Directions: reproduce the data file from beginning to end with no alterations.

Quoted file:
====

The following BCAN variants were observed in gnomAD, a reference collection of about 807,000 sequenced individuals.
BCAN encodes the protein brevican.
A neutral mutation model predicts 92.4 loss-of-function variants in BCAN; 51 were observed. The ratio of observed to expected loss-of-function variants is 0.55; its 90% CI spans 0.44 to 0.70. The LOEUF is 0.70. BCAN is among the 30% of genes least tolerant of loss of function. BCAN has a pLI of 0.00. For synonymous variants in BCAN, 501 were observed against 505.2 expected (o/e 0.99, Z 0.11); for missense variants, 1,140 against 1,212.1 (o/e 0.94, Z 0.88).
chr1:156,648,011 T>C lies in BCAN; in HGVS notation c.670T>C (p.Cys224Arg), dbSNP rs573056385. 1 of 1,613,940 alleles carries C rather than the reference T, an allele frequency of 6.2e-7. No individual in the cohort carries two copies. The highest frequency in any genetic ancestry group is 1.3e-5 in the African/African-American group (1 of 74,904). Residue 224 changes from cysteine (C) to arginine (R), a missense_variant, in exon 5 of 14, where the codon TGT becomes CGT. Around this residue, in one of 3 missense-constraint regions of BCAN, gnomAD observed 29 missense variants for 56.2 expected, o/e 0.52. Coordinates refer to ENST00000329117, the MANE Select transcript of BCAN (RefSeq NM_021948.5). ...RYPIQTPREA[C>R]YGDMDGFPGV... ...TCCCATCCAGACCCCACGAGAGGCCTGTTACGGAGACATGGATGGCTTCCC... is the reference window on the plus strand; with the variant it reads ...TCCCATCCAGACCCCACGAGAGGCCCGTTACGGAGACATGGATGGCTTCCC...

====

The following BCAN variants were observed in gnomAD, a reference collection of about 807,000 sequenced individuals.
BCAN encodes the protein brevican.
A neutral mutation model predicts 92.4 loss-of-function variants in BCAN; 51 were observed. The ratio of observed to expected loss-of-function variants is 0.55; its 90% CI spans 0.44 to 0.70. The LOEUF is 0.70. BCAN is among the 30% of genes least tolerant of loss of function. BCAN has a pLI of 0.00. For synonymous variants in BCAN, 501 were observed against 505.2 expected (o/e 0.99, Z 0.11); for missense variants, 1,140 against 1,212.1 (o/e 0.94, Z 0.88).
chr1:156,648,011 T>C lies in BCAN; in HGVS notation c.670T>C (p.Cys224Arg), dbSNP rs573056385. 1 of 1,613,940 alleles carries C rather than the reference T, an allele frequency of 6.2e-7. No individual in the cohort carries two copies. The highest frequency in any genetic ancestry group is 1.3e-5 in the African/African-American group (1 of 74,904). Residue 224 changes from cysteine (C) to arginine (R), a missense_variant, in exon 5 of 14, where the codon TGT becomes CGT. Around this residue, in one of 3 missense-constraint regions of BCAN, gnomAD observed 29 missense variants for 56.2 expected, o/e 0.52. Coordinates refer to ENST00000329117, the MANE Select transcript of BCAN (RefSeq NM_021948.5). ...RYPIQTPREA[C>R]YGDMDGFPGV... ...TCCCATCCAGACCCCACGAGAGGCCTGTTACGGAGACATGGATGGCTTCCC... is the reference window on the plus strand; with the variant it reads ...TCCCATCCAGACCCCACGAGAGGCCCGTTACGGAGACATGGATGGCTTCCC...